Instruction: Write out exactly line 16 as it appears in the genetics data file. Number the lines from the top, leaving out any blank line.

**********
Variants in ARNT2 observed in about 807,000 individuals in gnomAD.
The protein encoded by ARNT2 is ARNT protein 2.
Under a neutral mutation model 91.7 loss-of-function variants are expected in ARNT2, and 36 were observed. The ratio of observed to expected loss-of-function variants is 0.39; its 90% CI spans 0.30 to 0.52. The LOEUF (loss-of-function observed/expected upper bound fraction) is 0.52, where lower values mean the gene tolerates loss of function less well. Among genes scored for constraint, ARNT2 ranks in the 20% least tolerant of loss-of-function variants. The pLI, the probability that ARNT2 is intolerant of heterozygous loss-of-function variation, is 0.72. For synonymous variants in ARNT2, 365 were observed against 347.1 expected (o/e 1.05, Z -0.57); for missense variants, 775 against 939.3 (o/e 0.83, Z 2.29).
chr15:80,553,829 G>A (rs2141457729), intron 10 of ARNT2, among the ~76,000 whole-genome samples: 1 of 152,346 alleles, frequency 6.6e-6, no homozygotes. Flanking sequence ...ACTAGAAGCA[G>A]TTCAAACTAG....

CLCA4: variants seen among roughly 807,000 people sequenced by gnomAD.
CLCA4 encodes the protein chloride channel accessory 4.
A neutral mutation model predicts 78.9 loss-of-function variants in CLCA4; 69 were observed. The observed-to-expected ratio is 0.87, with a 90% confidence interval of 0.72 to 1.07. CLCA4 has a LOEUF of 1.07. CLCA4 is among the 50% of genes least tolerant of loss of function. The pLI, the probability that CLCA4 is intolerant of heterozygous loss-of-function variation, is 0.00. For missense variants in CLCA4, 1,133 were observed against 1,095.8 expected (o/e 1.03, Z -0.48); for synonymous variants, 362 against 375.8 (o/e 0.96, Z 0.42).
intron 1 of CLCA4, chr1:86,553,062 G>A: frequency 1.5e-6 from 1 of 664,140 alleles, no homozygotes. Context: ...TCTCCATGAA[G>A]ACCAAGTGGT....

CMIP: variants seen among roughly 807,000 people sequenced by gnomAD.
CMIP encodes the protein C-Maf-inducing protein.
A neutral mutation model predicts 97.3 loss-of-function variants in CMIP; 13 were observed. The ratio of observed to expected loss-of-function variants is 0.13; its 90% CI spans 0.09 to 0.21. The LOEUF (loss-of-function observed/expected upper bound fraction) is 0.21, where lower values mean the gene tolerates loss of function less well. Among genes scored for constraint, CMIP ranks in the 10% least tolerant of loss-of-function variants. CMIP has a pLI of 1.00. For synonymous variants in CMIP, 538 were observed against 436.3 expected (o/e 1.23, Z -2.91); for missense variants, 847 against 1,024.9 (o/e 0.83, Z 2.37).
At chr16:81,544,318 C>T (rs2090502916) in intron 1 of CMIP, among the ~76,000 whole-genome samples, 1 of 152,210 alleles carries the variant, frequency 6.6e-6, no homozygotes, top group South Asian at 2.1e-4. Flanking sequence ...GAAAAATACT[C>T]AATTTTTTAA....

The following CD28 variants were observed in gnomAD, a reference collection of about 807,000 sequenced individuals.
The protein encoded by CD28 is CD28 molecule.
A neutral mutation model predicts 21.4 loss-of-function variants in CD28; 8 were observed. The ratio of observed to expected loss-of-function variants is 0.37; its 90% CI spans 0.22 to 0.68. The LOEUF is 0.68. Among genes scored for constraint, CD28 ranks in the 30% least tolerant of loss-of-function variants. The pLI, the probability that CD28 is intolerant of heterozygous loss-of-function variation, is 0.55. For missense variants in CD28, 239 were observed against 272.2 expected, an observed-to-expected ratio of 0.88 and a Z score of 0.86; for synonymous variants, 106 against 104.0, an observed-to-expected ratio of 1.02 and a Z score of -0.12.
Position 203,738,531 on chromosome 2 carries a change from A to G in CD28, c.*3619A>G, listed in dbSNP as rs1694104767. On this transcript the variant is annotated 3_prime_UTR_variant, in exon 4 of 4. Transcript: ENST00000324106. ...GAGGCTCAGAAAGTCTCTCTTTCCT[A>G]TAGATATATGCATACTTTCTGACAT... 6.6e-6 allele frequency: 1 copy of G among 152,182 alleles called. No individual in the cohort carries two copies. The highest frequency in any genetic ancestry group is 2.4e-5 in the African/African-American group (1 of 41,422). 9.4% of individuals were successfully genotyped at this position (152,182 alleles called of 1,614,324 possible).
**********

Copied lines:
Position 203,738,531 on chromosome 2 carries a change from A to G in CD28, c.*3619A>G, listed in dbSNP as rs1694104767. On this transcript the variant is annotated 3_prime_UTR_variant, in exon 4 of 4. Transcript: ENST00000324106. ...GAGGCTCAGAAAGTCTCTCTTTCCT[A>G]TAGATATATGCATACTTTCTGACAT... 6.6e-6 allele frequency: 1 copy of G among 152,182 alleles called. No individual in the cohort carries two copies. The highest frequency in any genetic ancestry group is 2.4e-5 in the African/African-American group (1 of 41,422). 9.4% of individuals were successfully genotyped at this position (152,182 alleles called of 1,614,324 possible).